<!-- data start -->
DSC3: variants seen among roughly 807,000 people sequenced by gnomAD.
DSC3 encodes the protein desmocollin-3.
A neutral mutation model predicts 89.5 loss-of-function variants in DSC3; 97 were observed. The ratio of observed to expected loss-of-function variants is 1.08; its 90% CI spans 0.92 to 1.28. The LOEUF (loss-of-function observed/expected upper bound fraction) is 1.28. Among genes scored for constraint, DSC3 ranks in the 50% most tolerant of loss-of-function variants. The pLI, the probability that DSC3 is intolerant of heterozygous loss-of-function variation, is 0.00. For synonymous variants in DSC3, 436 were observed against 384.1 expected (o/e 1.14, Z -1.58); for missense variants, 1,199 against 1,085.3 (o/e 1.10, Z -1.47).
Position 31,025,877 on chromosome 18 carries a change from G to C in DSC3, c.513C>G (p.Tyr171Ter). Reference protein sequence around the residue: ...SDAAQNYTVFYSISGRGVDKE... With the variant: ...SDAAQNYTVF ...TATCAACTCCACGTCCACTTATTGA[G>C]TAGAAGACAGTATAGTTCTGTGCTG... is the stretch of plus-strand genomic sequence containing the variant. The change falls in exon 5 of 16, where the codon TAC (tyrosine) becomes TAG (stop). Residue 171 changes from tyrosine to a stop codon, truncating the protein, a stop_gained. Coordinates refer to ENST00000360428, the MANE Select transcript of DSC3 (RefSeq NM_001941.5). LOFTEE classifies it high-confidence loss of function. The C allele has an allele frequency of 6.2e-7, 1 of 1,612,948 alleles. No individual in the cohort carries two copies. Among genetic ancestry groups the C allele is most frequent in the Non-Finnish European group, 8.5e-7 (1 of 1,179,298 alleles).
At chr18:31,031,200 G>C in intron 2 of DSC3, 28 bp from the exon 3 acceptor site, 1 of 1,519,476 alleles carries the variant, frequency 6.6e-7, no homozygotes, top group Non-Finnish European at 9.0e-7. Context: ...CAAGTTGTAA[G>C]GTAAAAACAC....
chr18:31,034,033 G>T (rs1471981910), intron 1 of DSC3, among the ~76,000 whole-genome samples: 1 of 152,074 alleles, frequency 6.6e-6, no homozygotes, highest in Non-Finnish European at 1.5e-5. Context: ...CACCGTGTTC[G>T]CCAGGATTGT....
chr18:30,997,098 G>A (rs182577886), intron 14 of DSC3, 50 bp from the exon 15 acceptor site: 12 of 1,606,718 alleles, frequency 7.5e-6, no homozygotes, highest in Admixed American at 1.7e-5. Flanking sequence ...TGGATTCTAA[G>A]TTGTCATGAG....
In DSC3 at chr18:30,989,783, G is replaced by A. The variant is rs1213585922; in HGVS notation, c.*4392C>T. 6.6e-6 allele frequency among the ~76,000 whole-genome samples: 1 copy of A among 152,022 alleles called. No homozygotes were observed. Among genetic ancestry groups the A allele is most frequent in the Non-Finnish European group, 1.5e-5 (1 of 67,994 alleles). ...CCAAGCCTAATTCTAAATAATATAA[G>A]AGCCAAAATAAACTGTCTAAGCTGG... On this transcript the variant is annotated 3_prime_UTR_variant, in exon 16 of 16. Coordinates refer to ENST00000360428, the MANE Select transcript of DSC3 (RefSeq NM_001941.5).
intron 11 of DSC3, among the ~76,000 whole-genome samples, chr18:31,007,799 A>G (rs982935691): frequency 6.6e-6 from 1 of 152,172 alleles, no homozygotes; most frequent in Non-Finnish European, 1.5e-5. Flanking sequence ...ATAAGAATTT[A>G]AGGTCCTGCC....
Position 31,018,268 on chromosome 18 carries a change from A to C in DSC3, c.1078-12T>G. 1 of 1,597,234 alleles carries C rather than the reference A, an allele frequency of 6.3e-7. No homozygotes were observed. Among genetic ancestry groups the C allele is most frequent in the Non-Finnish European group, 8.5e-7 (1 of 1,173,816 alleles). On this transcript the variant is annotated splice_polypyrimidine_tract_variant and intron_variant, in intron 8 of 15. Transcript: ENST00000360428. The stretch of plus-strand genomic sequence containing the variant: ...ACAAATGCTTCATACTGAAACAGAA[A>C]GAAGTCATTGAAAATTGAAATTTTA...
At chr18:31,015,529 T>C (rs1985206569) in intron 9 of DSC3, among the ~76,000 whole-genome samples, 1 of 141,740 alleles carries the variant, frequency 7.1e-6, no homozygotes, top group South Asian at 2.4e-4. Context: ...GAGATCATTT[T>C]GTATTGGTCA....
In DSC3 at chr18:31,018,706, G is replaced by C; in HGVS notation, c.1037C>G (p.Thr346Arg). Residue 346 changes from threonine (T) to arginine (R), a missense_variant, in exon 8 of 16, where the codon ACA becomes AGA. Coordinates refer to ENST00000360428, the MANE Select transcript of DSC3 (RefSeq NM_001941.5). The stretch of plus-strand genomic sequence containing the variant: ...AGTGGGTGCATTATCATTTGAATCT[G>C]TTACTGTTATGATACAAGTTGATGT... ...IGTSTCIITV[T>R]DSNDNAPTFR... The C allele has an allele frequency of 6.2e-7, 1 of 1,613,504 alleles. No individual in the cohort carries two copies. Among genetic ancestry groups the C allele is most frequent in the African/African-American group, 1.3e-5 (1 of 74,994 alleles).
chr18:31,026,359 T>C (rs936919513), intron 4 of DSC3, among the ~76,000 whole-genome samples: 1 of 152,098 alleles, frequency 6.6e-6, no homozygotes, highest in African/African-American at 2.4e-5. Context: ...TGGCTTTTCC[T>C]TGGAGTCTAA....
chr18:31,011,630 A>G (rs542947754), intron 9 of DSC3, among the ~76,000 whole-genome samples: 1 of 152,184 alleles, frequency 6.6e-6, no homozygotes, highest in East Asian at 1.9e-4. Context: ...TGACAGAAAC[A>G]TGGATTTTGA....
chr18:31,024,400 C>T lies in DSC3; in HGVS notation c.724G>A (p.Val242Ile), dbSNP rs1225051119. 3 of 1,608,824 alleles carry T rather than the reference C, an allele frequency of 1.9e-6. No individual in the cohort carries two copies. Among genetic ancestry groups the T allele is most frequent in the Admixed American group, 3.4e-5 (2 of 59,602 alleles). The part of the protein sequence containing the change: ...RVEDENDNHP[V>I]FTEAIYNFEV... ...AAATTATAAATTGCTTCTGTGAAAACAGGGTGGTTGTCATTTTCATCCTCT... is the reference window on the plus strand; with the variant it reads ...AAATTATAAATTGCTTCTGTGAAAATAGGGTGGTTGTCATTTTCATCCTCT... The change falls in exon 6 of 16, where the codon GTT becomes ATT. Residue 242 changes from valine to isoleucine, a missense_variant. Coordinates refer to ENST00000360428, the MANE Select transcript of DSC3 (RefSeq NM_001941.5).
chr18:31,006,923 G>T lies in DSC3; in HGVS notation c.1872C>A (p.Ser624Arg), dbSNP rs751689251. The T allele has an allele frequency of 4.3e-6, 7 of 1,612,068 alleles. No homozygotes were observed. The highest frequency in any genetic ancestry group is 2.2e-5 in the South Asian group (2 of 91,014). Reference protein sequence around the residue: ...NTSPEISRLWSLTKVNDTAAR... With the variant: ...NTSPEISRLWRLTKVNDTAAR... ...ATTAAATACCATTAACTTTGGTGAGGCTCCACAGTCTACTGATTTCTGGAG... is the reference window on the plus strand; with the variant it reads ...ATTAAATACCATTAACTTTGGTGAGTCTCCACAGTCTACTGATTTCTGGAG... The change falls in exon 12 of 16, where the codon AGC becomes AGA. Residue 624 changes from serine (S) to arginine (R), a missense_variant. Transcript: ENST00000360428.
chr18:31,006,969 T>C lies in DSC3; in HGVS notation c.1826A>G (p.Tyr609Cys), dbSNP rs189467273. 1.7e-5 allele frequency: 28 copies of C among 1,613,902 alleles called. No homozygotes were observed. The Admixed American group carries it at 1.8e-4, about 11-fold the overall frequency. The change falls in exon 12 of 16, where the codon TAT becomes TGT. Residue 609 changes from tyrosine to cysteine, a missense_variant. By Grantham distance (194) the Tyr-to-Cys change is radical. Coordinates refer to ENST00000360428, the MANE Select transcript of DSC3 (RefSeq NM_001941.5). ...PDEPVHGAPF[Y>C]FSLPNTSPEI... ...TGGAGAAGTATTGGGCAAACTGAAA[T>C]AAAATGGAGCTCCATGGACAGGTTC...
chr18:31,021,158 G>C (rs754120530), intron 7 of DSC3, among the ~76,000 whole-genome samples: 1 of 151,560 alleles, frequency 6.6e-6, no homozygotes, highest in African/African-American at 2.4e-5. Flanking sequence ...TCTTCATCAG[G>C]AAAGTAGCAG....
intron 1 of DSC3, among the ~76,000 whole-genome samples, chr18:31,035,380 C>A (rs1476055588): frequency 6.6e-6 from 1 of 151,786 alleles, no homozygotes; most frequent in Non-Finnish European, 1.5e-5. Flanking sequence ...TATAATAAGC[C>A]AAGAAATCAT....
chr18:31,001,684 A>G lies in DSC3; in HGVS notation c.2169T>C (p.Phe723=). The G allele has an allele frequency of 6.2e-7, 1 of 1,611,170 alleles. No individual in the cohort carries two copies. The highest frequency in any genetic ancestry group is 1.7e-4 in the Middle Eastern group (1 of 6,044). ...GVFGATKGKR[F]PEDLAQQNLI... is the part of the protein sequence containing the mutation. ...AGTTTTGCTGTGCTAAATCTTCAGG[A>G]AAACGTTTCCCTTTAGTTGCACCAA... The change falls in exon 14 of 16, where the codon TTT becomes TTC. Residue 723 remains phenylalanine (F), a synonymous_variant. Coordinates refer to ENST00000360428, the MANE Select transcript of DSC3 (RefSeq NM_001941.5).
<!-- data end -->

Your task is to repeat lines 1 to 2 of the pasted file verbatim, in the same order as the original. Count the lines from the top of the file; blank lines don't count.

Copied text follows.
DSC3: variants seen among roughly 807,000 people sequenced by gnomAD.
DSC3 encodes the protein desmocollin-3.